“Call it England, call it Spain
Egypt rules with whip and chain
Moses free my people again!
We’re all working for Pharaoh
Pharaoh he sits in his tower of steel
Around his feet the princes kneel
Far beneath we shoulder the wheel
We’re all working for Pharaoh”
[from Pharoah, by Richard Thompson]
Contemporary folk-rocker Richard Thompson is not a Jew. In fact, he’s a Sufi, but I believe that he understands the essence of the festival we begin celebrating on Monday evening, April 18. Passover is that annual reminder of some quintessential truths: the world is still well-supplied with Pharaohs and that back-breaking, soul-deadening labor is still the lot of hundreds of millions of human beings.
How sadly ironic that, as the Feast of Freedom approaches, we are witnessing in this country (Wisconsin, Ohio, Indiana) unprecedented assaults on unions and upon the very principle of labor organizing and collective bargaining. A new book by Philip Dray, There Is Power in a Union: The Epic Story of Labor in America, documents the long struggle between Pharaohs of industry and the workers whose labor enriches those Pharaohs and their shareholders.
Dray notes that the story of organized labor in America is “much more than a catalog of strikes, picket lines and flailing police batons. The debate about work and industry and the struggle for workers’ rights and dignity have ben consuming subjects since the birth of our nation; they have shaped laws and customs, acted as a crucible for social change, and ultimately helped define what it means to be an American.”
And Jews have been in the thick of it, on both sides certainly, but most tellingly and significantly in the vanguard of labor organizers. “And that’s hardly surprising. After all, Jewish names dot the annals of the labor movement to the point of ubiquity. While excluded from the traditional European trade guilds - and relegated to careers as pawnbrokers, money changers, tobacco handlers and jewel traders - Jews formed their own bunds (labor leagues) in the 19th and 20th centuries.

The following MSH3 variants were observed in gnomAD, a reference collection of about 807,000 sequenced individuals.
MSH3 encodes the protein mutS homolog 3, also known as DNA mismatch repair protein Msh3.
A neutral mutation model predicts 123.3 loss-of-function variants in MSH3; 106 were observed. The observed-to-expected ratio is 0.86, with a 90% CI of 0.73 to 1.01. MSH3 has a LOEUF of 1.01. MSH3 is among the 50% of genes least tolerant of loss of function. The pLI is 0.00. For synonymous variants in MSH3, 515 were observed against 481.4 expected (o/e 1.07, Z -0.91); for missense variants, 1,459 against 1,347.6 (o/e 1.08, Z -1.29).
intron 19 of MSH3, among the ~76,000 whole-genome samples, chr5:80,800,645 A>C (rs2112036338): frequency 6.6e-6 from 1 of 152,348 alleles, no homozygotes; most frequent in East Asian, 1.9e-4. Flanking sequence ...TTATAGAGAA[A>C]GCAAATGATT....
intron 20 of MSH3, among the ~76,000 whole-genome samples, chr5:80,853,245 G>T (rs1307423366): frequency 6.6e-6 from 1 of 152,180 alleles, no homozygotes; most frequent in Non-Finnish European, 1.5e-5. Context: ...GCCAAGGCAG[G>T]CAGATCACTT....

Left-wing activism borne of years of harsh repression found a fertile home in the crowded, inner-city homes Jews carved out in American cities, and was recharged when the children of these immigrants came of age in the turbulent 1960s.
Throughout history, the typical Jewish labor activist was unlikely to be found at Shabbat services or Torah study. In a study conducted by U.C. Berkeley’s Institute of Industrial Relations, a full 20 percent of the California union leaders interviewed identified as Jewish, but very few considered themselves to be religious.
But, to many, fighting for the underprivileged is what Judaism is all about, going back several generations.”
We now take for granted the fruits of those struggles waged by organized labor, concepts as basic as fire escapes, 40 (not 60 or 70)-hour work-weeks, benefits, paid vacations, and, as Dray writes, “the principle that workers have a right to be equitably paid for the work they do, treated with dignity, and to believe their efforts might better their own prospects and the lives of those dear to them.”
Whether we think of Moses as the first labor organizer or not, Passover affords us a perfect opportunity to look critically at the world in which we live and the extraordinary degree of comfort and privilege we enjoy as a direct consequence of the labor of others. While globalization and world-wide economic recession both undermine the principles of unionization and collective bargaining, there could not be a better time for us to reflect on the history of unions in this country as well as their troubled future.